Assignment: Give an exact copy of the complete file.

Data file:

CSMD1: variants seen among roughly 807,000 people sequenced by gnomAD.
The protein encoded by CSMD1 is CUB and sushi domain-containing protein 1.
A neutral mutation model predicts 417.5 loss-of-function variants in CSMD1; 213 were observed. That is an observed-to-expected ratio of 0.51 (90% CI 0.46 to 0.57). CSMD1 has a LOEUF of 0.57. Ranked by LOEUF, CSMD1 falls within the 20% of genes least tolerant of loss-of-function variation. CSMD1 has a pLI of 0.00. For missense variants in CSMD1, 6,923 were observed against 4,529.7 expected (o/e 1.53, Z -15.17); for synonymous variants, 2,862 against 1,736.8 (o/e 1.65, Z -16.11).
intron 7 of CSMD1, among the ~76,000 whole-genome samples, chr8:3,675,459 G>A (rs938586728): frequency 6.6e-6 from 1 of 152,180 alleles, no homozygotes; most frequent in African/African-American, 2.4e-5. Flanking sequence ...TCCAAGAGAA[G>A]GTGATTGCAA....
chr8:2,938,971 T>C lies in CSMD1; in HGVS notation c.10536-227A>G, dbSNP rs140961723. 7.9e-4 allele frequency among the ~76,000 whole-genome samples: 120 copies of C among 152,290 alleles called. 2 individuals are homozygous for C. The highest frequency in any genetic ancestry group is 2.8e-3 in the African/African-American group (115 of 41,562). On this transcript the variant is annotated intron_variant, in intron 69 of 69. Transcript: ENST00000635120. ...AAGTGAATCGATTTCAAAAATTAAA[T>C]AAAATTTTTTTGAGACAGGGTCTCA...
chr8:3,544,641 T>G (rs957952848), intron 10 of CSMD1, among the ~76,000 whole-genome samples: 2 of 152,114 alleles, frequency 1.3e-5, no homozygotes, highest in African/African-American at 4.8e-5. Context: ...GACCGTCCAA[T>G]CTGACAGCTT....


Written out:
CSMD1: variants seen among roughly 807,000 people sequenced by gnomAD.
The protein encoded by CSMD1 is CUB and sushi domain-containing protein 1.
A neutral mutation model predicts 417.5 loss-of-function variants in CSMD1; 213 were observed. That is an observed-to-expected ratio of 0.51 (90% CI 0.46 to 0.57). CSMD1 has a LOEUF of 0.57. Ranked by LOEUF, CSMD1 falls within the 20% of genes least tolerant of loss-of-function variation. CSMD1 has a pLI of 0.00. For missense variants in CSMD1, 6,923 were observed against 4,529.7 expected (o/e 1.53, Z -15.17); for synonymous variants, 2,862 against 1,736.8 (o/e 1.65, Z -16.11).
intron 7 of CSMD1, among the ~76,000 whole-genome samples, chr8:3,675,459 G>A (rs938586728): frequency 6.6e-6 from 1 of 152,180 alleles, no homozygotes; most frequent in African/African-American, 2.4e-5. Flanking sequence ...TCCAAGAGAA[G>A]GTGATTGCAA....
chr8:2,938,971 T>C lies in CSMD1; in HGVS notation c.10536-227A>G, dbSNP rs140961723. 7.9e-4 allele frequency among the ~76,000 whole-genome samples: 120 copies of C among 152,290 alleles called. 2 individuals are homozygous for C. The highest frequency in any genetic ancestry group is 2.8e-3 in the African/African-American group (115 of 41,562). On this transcript the variant is annotated intron_variant, in intron 69 of 69. Transcript: ENST00000635120. ...AAGTGAATCGATTTCAAAAATTAAA[T>C]AAAATTTTTTTGAGACAGGGTCTCA...
chr8:3,544,641 T>G (rs957952848), intron 10 of CSMD1, among the ~76,000 whole-genome samples: 2 of 152,114 alleles, frequency 1.3e-5, no homozygotes, highest in African/African-American at 4.8e-5. Context: ...GACCGTCCAA[T>G]CTGACAGCTT....